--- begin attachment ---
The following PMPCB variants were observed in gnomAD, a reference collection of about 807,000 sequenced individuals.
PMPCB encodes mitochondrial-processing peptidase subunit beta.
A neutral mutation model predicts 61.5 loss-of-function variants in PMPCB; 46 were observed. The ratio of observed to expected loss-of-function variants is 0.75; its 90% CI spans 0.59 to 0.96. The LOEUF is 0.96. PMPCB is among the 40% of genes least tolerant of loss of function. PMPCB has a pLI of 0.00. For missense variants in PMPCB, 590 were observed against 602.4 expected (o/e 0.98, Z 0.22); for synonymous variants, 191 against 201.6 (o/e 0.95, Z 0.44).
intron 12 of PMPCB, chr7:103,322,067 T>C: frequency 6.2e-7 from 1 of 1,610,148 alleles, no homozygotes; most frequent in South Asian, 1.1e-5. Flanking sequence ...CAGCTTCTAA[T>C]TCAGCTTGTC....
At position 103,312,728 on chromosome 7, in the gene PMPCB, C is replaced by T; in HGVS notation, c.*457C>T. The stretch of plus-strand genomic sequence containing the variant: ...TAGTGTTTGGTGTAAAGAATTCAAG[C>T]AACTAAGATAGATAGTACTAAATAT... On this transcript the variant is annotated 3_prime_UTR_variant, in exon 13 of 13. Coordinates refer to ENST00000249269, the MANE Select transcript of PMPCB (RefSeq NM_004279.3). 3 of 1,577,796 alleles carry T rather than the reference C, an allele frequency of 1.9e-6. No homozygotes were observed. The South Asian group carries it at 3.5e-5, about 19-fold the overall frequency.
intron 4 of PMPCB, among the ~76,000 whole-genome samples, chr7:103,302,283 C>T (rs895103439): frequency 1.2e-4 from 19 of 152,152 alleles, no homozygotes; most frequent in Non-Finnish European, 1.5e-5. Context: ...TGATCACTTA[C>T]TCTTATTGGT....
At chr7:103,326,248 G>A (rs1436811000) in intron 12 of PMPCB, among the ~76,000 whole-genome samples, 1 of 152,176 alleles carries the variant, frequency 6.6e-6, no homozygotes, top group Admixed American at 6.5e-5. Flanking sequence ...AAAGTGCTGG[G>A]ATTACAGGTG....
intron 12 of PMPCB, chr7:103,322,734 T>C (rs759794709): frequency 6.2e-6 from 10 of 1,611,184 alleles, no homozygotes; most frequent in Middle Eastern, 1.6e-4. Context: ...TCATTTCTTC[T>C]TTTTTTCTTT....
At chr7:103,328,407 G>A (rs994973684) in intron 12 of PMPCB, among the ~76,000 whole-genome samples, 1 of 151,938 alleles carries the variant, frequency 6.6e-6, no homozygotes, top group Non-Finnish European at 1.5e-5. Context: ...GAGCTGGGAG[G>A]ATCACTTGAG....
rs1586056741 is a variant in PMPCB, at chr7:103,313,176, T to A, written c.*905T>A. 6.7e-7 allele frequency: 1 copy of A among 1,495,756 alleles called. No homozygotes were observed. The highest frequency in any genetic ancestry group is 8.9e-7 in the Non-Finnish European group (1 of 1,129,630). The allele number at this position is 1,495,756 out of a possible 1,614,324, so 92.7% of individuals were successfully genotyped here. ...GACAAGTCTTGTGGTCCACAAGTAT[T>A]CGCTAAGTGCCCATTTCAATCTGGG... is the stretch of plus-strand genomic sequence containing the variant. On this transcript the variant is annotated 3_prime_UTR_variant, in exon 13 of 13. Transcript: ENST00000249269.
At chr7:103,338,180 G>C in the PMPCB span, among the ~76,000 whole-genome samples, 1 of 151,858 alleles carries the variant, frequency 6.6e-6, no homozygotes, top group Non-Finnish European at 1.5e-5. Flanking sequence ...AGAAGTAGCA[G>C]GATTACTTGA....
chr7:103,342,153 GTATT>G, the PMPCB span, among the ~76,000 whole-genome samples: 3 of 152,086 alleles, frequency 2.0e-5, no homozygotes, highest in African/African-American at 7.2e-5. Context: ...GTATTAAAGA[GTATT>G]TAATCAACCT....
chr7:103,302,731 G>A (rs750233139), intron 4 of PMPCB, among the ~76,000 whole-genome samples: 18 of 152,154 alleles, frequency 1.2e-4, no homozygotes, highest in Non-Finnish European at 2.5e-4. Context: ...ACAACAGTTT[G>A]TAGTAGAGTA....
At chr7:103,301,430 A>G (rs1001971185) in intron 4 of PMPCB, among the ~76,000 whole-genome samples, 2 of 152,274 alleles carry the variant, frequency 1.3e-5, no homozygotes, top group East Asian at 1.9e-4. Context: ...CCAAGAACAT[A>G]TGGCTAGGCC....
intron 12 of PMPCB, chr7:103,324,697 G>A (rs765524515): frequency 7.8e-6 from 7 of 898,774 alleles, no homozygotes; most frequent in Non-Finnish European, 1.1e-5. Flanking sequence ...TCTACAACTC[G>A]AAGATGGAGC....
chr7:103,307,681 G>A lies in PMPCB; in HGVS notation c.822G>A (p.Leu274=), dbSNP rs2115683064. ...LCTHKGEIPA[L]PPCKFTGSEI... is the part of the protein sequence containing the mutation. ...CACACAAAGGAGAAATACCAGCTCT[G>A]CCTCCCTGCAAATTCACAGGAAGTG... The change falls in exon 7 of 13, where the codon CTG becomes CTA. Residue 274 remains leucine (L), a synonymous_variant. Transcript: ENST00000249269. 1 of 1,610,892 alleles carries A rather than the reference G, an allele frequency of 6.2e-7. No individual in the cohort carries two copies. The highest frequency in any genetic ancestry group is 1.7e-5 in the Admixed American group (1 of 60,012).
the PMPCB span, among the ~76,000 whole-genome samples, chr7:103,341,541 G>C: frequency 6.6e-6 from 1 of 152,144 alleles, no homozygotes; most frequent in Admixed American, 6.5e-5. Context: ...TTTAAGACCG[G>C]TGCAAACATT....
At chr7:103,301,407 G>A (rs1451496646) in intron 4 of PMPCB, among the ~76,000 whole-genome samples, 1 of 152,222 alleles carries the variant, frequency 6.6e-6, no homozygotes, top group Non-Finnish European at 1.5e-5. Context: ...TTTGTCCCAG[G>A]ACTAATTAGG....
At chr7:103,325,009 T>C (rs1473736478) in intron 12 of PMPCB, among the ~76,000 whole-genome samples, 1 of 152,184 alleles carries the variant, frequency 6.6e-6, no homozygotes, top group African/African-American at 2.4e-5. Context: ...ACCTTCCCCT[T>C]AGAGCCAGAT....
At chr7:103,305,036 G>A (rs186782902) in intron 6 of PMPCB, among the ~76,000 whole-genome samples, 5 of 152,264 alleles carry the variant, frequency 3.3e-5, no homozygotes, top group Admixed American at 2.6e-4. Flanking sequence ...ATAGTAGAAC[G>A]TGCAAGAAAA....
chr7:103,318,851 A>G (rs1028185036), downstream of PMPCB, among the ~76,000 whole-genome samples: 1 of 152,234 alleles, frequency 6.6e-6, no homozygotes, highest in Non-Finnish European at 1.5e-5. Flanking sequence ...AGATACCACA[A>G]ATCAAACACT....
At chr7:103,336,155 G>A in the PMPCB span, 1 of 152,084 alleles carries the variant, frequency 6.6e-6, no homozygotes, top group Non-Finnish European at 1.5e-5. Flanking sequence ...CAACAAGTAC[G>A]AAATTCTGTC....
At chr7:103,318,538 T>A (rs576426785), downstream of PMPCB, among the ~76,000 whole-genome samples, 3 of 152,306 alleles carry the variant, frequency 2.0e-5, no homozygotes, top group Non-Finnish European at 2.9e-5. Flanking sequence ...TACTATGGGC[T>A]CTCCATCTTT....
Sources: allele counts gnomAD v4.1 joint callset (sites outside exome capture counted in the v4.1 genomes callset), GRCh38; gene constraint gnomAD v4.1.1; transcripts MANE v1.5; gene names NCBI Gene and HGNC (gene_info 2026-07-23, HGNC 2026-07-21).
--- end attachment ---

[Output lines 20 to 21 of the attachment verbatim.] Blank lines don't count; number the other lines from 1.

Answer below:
At chr7:103,305,036 G>A (rs186782902) in intron 6 of PMPCB, among the ~76,000 whole-genome samples, 5 of 152,264 alleles carry the variant, frequency 3.3e-5, no homozygotes, top group Admixed American at 2.6e-4. Flanking sequence ...ATAGTAGAAC[G>A]TGCAAGAAAA....
chr7:103,318,851 A>G (rs1028185036), downstream of PMPCB, among the ~76,000 whole-genome samples: 1 of 152,234 alleles, frequency 6.6e-6, no homozygotes, highest in Non-Finnish European at 1.5e-5. Flanking sequence ...AGATACCACA[A>G]ATCAAACACT....